Nintendo Shuts Down Smash Tournament Over Some Absurd Bullshit

Nintendo Shuts Down Smash Tournament Over Some Absurd Bullshit

This year’s instalment of The Big House, one of the most important tournaments in the Super Smash Bros. community, has been shut down by Nintendo over its use of a fan-developed mod meant to improve online play in Super Smash Bros. Melee.

“The Big House is heartbroken to share we’ve received a cease and desist from Nintendo of America, Inc. to cancel our upcoming online event,” the tournament’s official statement reads. “We were informed we do not have permission to host or broadcast the event, primarily due to the usage of Slippi. We are forced to comply with the order and cancel The Big House Online for both Melee and Ultimate.”

“Nintendo appreciates the love and dedication the fighting game community has for the Super Smash Bros. series,” Nintendo told Kotaku via email. “We have partnered with numerous Super Smash Bros. tournaments in the past and have hosted our own online and offline tournaments for the game, and we plan to continue that support in the future. Unfortunately, the upcoming Big House tournament announced plans to host an online tournament for Super Smash Bros. Melee that requires use of illegally copied versions of the game in conjunction with a mod called ‘Slippi’ during their online event. Nintendo therefore contacted the tournament organisers to ask them to stop. They refused, leaving Nintendo no choice but to step in to protect its intellectual property and brands. Nintendo cannot condone or allow piracy of its intellectual property.”

(While The Big House organiser Robin “Juggleguy” Harn confirmed these details in an email to Kotaku, it should be noted that backing up your own copies of video games for personal use is entirely legal per United States copyright law.)

Slippi is a third-party modification built by a group of fans to add rollback netcode to Super Smash Bros. Melee. Before Slippi’s release earlier this year, Melee players suffered with a subpar online infrastructure that made the 19-year-old game much harder to play at a competitive level. But with the addition of rollback netcode — the benefits of which are widely acknowledged by anyone who takes fighting games seriously — Melee players were finally able to enjoy great matches with far-flung opponents.

The arrival of Slippi became even more important as the onset of the covid-19 pandemic pumped the brakes on the grassroots tournament circuit, with several notable players singing its praises. Many of those same players are rightfully making their displeasure with Nintendo known online in the wake of The Big House’s cancelation, and the hashtag #FreeMelee is now trending on Twitter.

“Remember this when you buy their shitty Pokémon game for the 100th time,” Melee god Joseph “Mango” Marquez wrote on Twitter.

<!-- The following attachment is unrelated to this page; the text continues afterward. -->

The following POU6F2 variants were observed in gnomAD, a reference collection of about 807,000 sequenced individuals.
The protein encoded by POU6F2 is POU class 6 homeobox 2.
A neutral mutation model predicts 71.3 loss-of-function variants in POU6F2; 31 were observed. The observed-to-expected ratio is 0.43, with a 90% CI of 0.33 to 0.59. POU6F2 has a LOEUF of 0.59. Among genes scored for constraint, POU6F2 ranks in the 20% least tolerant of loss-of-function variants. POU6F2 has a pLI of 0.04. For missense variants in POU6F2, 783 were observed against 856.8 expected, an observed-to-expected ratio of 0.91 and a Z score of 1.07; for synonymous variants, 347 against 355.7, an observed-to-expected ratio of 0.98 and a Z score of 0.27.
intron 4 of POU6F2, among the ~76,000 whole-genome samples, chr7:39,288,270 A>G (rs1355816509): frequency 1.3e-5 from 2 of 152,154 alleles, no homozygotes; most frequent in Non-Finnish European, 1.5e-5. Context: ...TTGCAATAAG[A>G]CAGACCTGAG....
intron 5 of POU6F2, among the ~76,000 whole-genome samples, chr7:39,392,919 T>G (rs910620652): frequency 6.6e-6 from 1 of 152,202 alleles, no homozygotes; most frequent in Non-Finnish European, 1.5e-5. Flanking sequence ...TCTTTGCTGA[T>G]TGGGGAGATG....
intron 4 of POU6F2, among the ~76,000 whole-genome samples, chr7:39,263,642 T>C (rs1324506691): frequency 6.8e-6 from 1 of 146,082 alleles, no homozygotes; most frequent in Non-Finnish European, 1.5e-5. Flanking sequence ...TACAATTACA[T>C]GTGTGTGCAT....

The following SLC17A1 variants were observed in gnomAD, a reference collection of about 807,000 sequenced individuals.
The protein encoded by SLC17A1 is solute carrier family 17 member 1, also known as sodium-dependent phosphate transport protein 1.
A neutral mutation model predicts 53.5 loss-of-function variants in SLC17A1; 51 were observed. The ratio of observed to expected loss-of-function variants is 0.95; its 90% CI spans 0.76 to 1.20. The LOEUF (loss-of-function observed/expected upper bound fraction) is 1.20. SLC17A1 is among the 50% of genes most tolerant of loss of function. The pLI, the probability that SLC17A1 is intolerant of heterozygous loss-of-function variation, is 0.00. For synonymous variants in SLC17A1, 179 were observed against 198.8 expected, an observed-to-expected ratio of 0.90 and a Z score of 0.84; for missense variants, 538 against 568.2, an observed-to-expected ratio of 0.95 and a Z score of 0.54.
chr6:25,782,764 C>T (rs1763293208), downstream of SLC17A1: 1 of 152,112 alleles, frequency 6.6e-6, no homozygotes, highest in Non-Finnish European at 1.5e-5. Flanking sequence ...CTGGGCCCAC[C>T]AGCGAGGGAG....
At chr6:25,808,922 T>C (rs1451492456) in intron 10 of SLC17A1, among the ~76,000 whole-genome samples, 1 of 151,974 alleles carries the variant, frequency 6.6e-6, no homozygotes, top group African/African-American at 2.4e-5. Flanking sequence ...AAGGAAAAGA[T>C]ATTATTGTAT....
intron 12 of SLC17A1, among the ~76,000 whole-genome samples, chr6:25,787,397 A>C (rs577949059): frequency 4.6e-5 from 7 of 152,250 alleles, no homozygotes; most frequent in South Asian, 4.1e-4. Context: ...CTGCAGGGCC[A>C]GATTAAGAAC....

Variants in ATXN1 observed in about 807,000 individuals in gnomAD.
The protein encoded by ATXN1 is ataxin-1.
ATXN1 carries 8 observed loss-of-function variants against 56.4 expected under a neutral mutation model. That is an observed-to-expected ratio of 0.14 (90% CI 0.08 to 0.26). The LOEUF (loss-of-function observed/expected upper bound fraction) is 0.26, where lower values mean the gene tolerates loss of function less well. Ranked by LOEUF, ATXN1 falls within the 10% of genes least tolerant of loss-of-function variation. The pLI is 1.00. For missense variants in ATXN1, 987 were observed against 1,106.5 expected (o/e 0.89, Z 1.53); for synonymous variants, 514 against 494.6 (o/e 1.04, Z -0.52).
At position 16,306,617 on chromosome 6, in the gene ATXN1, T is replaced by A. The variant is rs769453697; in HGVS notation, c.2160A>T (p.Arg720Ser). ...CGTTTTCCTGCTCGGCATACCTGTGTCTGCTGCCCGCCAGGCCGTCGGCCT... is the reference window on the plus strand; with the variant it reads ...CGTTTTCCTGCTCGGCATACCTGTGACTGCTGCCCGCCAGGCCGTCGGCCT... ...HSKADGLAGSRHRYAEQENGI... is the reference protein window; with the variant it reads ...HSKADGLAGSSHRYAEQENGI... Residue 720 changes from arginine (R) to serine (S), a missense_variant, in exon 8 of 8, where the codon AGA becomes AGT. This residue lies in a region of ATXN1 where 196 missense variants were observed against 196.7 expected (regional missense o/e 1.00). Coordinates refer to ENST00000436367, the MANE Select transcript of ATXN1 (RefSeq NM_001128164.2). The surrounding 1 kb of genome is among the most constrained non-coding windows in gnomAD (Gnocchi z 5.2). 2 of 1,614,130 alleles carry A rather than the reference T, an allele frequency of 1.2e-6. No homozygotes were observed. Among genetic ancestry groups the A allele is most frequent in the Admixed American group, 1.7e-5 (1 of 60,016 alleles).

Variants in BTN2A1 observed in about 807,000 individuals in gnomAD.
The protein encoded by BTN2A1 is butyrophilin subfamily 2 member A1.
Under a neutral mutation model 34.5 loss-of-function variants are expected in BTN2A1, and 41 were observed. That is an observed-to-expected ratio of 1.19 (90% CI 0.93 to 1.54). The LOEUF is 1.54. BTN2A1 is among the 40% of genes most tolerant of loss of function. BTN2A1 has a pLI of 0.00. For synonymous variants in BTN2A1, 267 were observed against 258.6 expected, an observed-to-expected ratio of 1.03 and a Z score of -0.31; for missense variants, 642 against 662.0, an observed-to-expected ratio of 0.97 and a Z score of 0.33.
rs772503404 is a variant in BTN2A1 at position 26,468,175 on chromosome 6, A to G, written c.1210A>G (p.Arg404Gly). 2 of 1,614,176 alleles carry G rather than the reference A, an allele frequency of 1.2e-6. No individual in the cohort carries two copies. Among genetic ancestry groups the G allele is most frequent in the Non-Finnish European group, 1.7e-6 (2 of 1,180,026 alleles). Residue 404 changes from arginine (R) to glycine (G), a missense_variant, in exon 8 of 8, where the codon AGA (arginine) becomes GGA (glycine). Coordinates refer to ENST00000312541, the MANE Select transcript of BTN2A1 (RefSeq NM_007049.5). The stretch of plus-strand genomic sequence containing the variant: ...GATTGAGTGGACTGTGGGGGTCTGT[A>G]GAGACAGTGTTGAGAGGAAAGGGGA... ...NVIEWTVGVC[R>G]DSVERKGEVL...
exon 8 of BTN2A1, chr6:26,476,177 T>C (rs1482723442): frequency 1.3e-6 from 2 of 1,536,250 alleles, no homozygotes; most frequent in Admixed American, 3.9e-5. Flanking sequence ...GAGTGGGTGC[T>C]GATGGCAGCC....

“Of all the shit from Nintendo, this takes the prize,” Adam “Armada” Lindgren, another top Melee player, said. “It’s a global pandemic going on and Nintendo once again wants the competitive scene to suffer. Is it too much to ask that people can play and compete in games from home during this time?”

“With Slippi online, I’ve worked hard to create as close to an authentic, in-person experience as possible,” Slippi developer Jas “Fizzi” Laferriere said in his own statement. “The Melee community has been clear in expressing their gratitude. It has enabled competing in and watching top-level competition without requiring risky gatherings. I am disappointed that Nintendo is restricting our ability to power through these hard times.”

When Melee came out in 2001 it did not have any form of network play; adding such necessitates the use of the GameCube and Wii emulator Dolphin, which one can only assume Nintendo would rather not exist. That would make Slippi, which works in conjunction with Dolphin, a no-go, even if the mod isn’t the crux of the problem in and of itself.

That said, this isn’t the first time Nintendo has thrown its weight around in the grassroots Smash community. The Big House organiser Robin “Juggleguy” Harn intimated during a conversation with Kotaku in 2017 that that year’s instalment of the tournament series had issued a venue-wide ban on third-party, box-style controllers due to Nintendo’s influence. And who can forget that the Melee developer almost kept the game from an appearance at Evo 2013 before ultimately changing its mind.

This is the sad reality of competitive gaming, even in 2020. At any point, corporations can tell a tournament that it’s not allowed to run a game, and there isn’t really much a grassroots organisation can do but comply. Nintendo didn’t even have to give The Big House a reason. One might assume that the circumstances surrounding this year’s instalment, which was forced to move online for obvious reasons, might soften the Big N’s heart, but no. And now the community has been robbed of one of its most important events, in a year when everyone is desperately searching for something, anything, to get through the day.